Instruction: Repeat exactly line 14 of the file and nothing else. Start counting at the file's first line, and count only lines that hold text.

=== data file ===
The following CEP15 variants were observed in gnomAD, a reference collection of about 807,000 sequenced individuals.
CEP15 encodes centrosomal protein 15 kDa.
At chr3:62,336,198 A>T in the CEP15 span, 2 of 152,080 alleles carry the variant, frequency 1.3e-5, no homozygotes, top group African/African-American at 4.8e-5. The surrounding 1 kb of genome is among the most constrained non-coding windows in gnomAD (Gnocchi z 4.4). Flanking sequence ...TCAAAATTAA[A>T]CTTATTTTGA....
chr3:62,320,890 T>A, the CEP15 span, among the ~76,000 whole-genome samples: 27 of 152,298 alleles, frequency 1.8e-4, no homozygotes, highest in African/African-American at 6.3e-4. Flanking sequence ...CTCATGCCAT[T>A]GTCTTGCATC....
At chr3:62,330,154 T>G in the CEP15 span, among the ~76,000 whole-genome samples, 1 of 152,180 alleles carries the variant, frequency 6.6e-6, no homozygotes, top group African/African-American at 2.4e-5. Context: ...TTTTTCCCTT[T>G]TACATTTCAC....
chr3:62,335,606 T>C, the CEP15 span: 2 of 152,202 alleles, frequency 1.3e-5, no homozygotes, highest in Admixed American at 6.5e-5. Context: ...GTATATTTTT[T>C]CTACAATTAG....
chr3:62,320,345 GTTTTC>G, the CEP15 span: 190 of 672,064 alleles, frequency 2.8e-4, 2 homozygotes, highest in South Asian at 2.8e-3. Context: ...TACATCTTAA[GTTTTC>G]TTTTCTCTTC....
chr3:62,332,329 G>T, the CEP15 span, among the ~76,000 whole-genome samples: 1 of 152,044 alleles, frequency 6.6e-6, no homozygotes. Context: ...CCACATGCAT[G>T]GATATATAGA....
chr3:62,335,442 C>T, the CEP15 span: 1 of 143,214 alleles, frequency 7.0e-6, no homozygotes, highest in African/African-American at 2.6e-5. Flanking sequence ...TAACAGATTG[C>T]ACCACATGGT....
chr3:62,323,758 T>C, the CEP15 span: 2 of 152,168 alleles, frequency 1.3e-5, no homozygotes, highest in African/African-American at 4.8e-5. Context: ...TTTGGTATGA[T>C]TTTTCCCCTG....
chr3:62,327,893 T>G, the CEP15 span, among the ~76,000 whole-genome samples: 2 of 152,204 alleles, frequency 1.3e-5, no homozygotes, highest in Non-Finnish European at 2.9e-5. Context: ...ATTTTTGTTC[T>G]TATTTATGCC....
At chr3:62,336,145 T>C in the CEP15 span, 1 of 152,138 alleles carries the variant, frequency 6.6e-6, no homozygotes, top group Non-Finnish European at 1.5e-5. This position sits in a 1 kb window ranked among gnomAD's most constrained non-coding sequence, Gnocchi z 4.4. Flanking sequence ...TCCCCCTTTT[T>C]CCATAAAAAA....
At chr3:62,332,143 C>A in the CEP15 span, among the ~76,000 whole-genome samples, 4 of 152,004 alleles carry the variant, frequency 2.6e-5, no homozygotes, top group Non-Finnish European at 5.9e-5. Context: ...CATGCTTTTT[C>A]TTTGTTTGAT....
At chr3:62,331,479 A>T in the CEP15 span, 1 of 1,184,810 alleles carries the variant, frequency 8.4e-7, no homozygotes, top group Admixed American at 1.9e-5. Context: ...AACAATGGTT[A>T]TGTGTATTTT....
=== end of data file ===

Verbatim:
At chr3:62,331,479 A>T in the CEP15 span, 1 of 1,184,810 alleles carries the variant, frequency 8.4e-7, no homozygotes, top group Admixed American at 1.9e-5. Context: ...AACAATGGTT[A>T]TGTGTATTTT....